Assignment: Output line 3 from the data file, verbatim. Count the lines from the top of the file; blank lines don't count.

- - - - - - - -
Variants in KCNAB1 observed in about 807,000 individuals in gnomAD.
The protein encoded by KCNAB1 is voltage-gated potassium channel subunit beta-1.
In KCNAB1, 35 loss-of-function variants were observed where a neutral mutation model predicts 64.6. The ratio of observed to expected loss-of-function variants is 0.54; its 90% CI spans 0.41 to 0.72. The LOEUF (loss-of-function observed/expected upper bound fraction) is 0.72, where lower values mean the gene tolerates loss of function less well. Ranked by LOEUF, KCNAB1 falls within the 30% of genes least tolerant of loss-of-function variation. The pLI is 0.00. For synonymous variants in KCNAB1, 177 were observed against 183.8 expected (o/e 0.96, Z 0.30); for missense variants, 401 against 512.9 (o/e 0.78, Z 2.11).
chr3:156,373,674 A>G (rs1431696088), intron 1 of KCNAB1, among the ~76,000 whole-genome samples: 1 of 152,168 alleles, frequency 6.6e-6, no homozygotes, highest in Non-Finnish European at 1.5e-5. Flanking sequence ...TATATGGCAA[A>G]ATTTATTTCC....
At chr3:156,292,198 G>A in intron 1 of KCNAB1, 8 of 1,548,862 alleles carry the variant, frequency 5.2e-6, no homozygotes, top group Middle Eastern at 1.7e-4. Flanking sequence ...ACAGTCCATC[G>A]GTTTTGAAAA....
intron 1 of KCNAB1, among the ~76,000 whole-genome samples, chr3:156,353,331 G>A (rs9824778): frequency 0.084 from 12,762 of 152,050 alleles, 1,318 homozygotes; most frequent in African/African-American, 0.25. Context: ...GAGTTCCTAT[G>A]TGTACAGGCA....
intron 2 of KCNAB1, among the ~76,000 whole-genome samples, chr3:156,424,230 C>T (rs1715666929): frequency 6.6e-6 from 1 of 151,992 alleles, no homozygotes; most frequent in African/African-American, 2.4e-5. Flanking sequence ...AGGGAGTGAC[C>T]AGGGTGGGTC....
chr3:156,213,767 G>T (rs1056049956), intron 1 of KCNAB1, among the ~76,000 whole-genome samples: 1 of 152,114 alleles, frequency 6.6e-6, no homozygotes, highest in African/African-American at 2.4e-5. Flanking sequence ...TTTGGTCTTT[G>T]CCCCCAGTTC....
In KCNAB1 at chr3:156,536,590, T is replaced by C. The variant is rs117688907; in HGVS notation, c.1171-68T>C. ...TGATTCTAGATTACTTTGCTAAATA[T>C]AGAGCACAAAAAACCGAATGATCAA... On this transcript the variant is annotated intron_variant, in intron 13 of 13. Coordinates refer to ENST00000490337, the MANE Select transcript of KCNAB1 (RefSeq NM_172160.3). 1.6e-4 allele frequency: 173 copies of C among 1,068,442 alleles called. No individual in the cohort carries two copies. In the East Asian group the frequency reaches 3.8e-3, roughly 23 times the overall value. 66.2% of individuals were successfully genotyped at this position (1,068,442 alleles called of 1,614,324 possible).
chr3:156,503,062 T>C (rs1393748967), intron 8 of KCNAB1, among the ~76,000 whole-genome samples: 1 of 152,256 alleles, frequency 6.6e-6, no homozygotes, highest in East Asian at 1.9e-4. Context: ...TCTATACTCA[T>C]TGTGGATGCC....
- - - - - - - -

In KCNAB1, 35 loss-of-function variants were observed where a neutral mutation model predicts 64.6. The ratio of observed to expected loss-of-function variants is 0.54; its 90% CI spans 0.41 to 0.72. The LOEUF (loss-of-function observed/expected upper bound fraction) is 0.72, where lower values mean the gene tolerates loss of function less well. Ranked by LOEUF, KCNAB1 falls within the 30% of genes least tolerant of loss-of-function variation. The pLI is 0.00. For synonymous variants in KCNAB1, 177 were observed against 183.8 expected (o/e 0.96, Z 0.30); for missense variants, 401 against 512.9 (o/e 0.78, Z 2.11).